6 books that inspire Ritu Kumar’s work and life
Her recommendations are filled with nostalgia
Intricate detailing, rich craftsmanship and classic, earthy hues are just a few elements that define the work of veteran fashion designer Ritu Kumar. A name to reckon within the fashion industry, every season the designer showcases collections that define modern elegance. Whether it’s an easy-breezy kaftan, a stunning suit or a block-print maxi, her iconic label amalgamates Indian traditions and ethnicity with contemporary sensibilities.
We reached out to Ritu Kumar for the books that have impacted her work and personal life through the years. Here’s what she had to say:
“I stumbled upon a book called Muslin—Our Story which I read from cover to cover. Written by Saiful Islam, it is the story of Bengal before partition and its amazing fabric, the Daccai muslin,” said Kumar.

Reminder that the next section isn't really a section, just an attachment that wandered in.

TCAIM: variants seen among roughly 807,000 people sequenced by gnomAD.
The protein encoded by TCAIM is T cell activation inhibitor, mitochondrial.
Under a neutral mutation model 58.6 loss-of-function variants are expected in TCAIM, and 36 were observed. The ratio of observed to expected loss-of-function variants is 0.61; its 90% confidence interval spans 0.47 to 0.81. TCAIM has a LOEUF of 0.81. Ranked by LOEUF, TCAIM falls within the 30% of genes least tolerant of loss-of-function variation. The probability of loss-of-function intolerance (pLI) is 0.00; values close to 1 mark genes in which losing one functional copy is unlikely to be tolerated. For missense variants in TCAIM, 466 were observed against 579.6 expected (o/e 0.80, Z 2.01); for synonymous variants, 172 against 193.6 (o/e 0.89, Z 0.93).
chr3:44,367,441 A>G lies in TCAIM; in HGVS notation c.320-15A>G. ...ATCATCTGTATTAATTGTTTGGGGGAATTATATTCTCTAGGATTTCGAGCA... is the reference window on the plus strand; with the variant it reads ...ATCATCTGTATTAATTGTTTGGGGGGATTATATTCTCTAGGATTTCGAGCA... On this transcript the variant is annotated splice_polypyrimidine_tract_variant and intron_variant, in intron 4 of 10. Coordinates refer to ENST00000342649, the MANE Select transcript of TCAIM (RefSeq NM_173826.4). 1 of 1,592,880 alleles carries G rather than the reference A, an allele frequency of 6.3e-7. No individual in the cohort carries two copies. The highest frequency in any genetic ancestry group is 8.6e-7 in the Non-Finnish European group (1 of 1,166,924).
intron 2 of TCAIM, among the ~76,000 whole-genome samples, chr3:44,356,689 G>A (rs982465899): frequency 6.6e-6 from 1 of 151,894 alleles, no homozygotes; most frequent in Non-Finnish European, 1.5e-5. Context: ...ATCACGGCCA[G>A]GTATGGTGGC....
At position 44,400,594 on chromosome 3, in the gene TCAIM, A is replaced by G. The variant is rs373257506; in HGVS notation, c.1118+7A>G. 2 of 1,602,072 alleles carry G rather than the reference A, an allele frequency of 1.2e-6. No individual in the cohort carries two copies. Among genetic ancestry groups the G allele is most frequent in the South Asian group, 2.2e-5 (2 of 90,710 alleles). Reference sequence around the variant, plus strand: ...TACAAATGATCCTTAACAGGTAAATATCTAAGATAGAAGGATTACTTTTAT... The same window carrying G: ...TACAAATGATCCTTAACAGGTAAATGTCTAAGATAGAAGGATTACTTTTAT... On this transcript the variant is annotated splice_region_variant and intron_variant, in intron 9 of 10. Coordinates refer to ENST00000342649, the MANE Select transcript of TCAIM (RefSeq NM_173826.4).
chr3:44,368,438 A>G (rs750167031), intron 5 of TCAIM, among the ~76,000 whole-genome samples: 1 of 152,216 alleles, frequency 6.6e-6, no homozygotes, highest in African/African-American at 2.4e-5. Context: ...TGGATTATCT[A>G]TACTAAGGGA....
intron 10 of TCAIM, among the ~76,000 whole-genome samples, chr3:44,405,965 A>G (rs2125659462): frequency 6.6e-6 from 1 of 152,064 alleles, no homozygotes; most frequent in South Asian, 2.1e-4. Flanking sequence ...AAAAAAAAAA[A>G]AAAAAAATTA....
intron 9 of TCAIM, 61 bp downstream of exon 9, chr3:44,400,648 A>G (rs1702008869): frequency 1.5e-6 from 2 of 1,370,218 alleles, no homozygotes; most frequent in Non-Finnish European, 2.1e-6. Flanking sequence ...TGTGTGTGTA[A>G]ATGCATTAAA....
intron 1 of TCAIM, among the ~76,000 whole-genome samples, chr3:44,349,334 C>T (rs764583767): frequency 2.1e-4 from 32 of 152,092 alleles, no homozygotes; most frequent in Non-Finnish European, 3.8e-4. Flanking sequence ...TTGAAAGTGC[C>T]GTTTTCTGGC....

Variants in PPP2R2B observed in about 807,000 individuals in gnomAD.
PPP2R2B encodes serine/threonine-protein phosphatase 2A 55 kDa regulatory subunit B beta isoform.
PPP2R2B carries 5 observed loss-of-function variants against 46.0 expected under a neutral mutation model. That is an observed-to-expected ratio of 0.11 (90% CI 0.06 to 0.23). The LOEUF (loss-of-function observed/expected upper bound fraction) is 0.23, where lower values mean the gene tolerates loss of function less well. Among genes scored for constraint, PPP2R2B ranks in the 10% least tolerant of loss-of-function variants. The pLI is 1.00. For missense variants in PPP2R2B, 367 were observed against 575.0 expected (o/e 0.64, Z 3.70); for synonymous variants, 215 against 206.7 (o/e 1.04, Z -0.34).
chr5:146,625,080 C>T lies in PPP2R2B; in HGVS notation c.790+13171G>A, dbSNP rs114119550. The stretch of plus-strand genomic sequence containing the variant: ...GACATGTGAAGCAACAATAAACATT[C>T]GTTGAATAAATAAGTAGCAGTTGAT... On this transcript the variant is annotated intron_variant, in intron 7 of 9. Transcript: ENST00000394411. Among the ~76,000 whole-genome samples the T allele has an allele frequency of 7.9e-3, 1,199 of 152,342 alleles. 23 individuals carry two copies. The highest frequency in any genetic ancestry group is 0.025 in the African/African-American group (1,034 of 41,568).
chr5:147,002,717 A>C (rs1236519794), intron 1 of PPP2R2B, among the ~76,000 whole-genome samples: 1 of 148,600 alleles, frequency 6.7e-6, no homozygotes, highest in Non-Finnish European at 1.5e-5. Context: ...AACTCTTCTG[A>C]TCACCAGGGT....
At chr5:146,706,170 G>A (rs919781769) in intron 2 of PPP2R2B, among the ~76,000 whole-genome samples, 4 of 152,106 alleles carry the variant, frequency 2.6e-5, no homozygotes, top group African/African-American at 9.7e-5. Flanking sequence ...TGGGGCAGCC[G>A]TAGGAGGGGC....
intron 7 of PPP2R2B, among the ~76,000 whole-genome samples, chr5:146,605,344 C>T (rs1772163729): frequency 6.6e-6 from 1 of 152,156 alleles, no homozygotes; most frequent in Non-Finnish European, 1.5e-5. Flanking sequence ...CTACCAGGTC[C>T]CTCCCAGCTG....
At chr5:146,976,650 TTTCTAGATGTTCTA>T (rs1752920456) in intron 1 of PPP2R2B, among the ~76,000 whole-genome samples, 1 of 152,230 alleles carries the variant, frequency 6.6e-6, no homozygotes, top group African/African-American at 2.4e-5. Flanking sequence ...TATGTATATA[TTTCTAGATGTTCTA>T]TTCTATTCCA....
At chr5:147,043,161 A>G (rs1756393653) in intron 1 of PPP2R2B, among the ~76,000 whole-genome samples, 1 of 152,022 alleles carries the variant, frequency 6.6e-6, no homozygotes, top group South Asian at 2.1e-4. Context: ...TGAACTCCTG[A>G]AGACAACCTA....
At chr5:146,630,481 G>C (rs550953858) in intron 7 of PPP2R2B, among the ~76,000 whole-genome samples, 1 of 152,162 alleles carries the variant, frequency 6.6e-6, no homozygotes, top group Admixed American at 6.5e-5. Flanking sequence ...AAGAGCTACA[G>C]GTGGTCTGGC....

“The other book which is a light read from the same area is The Saratchandra Omnibus (both volume 1 and 2), which brings about a deep understanding of films such as Devdas, Parineeta and the dress codes of the time. It’s a nostalgic reading of the time gone by,” she shared.
“Recently, I read Return Of A King By William Dalrymple. He always brings a great sense of history to our cultural understanding of our Indian past. All his books are great reads,” said Kumar.
When off-duty, here’s what Ritu Kumar suggests for a good read: "Circe by Madeline Miller is a must-read — the author makes the woman villain of the Odyssey into a heroine. It's fun and light.”
“For a serious understanding of our religion, read the banned book, The Hindus By Wendy Doniger. It's a brilliant take on our beliefs,” she shared.
If cultural and religious books are heavy for you, then the designer recommends Hilary Mantels' Wolf Hall which according to her rightly deserves the Booker Prize. "You need a chart of characters to keep abreast with the storyline," she added.
“All of the above books are costume studies too, from Bengal, Northwest frontier province, the Greek and the English courts,” she adds further.
Which book made it to your reading list?